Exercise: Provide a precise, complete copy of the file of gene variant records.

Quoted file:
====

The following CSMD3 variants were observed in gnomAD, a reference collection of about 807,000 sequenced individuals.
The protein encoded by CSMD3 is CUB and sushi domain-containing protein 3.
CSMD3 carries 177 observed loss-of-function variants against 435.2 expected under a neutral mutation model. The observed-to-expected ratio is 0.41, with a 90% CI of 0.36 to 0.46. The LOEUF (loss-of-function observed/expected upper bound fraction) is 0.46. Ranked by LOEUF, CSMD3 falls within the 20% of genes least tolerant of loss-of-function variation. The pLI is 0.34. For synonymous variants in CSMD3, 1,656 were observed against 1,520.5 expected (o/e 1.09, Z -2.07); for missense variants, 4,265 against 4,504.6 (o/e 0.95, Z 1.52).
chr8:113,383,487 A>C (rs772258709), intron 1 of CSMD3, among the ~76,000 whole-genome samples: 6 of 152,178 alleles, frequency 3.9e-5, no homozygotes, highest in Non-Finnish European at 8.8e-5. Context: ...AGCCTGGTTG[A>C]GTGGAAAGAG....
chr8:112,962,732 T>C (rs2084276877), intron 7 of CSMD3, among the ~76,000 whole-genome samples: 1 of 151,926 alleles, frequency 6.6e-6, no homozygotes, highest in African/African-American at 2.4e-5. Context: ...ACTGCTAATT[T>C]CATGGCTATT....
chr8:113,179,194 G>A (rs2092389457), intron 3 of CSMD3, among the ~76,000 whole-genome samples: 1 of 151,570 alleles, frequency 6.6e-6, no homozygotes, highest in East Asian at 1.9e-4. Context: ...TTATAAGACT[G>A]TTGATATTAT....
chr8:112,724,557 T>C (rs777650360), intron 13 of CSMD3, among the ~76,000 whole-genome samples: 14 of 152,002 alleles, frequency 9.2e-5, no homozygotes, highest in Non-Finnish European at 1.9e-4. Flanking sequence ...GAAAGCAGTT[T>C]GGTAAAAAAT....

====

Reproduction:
The following CSMD3 variants were observed in gnomAD, a reference collection of about 807,000 sequenced individuals.
The protein encoded by CSMD3 is CUB and sushi domain-containing protein 3.
CSMD3 carries 177 observed loss-of-function variants against 435.2 expected under a neutral mutation model. The observed-to-expected ratio is 0.41, with a 90% CI of 0.36 to 0.46. The LOEUF (loss-of-function observed/expected upper bound fraction) is 0.46. Ranked by LOEUF, CSMD3 falls within the 20% of genes least tolerant of loss-of-function variation. The pLI is 0.34. For synonymous variants in CSMD3, 1,656 were observed against 1,520.5 expected (o/e 1.09, Z -2.07); for missense variants, 4,265 against 4,504.6 (o/e 0.95, Z 1.52).
chr8:113,383,487 A>C (rs772258709), intron 1 of CSMD3, among the ~76,000 whole-genome samples: 6 of 152,178 alleles, frequency 3.9e-5, no homozygotes, highest in Non-Finnish European at 8.8e-5. Context: ...AGCCTGGTTG[A>C]GTGGAAAGAG....
chr8:112,962,732 T>C (rs2084276877), intron 7 of CSMD3, among the ~76,000 whole-genome samples: 1 of 151,926 alleles, frequency 6.6e-6, no homozygotes, highest in African/African-American at 2.4e-5. Context: ...ACTGCTAATT[T>C]CATGGCTATT....
chr8:113,179,194 G>A (rs2092389457), intron 3 of CSMD3, among the ~76,000 whole-genome samples: 1 of 151,570 alleles, frequency 6.6e-6, no homozygotes, highest in East Asian at 1.9e-4. Context: ...TTATAAGACT[G>A]TTGATATTAT....
chr8:112,724,557 T>C (rs777650360), intron 13 of CSMD3, among the ~76,000 whole-genome samples: 14 of 152,002 alleles, frequency 9.2e-5, no homozygotes, highest in Non-Finnish European at 1.9e-4. Flanking sequence ...GAAAGCAGTT[T>C]GGTAAAAAAT....